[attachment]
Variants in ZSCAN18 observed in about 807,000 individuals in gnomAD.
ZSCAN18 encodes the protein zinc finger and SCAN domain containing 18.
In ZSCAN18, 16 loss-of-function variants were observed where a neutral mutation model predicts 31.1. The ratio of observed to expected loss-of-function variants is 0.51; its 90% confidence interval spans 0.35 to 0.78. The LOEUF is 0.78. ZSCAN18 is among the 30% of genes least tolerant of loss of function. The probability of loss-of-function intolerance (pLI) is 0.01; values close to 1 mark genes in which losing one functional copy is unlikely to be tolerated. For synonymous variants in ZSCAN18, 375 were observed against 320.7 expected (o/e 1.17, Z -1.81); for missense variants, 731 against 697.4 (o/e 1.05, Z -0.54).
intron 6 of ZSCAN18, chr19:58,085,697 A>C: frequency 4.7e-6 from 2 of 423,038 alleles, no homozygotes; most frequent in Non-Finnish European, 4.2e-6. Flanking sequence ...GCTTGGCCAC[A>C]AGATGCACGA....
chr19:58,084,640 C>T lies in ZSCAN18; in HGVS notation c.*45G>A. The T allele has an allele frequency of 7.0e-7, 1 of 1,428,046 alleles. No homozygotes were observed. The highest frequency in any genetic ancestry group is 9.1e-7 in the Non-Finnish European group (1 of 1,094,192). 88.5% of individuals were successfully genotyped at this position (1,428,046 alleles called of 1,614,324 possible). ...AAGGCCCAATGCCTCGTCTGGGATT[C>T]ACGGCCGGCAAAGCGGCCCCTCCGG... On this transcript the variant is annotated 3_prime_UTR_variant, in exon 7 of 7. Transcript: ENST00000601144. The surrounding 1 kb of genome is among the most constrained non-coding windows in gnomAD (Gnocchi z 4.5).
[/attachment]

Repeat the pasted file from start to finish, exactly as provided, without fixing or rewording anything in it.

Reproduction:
Variants in ZSCAN18 observed in about 807,000 individuals in gnomAD.
ZSCAN18 encodes the protein zinc finger and SCAN domain containing 18.
In ZSCAN18, 16 loss-of-function variants were observed where a neutral mutation model predicts 31.1. The ratio of observed to expected loss-of-function variants is 0.51; its 90% confidence interval spans 0.35 to 0.78. The LOEUF is 0.78. ZSCAN18 is among the 30% of genes least tolerant of loss of function. The probability of loss-of-function intolerance (pLI) is 0.01; values close to 1 mark genes in which losing one functional copy is unlikely to be tolerated. For synonymous variants in ZSCAN18, 375 were observed against 320.7 expected (o/e 1.17, Z -1.81); for missense variants, 731 against 697.4 (o/e 1.05, Z -0.54).
intron 6 of ZSCAN18, chr19:58,085,697 A>C: frequency 4.7e-6 from 2 of 423,038 alleles, no homozygotes; most frequent in Non-Finnish European, 4.2e-6. Flanking sequence ...GCTTGGCCAC[A>C]AGATGCACGA....
chr19:58,084,640 C>T lies in ZSCAN18; in HGVS notation c.*45G>A. The T allele has an allele frequency of 7.0e-7, 1 of 1,428,046 alleles. No homozygotes were observed. The highest frequency in any genetic ancestry group is 9.1e-7 in the Non-Finnish European group (1 of 1,094,192). 88.5% of individuals were successfully genotyped at this position (1,428,046 alleles called of 1,614,324 possible). ...AAGGCCCAATGCCTCGTCTGGGATT[C>T]ACGGCCGGCAAAGCGGCCCCTCCGG... On this transcript the variant is annotated 3_prime_UTR_variant, in exon 7 of 7. Transcript: ENST00000601144. The surrounding 1 kb of genome is among the most constrained non-coding windows in gnomAD (Gnocchi z 4.5).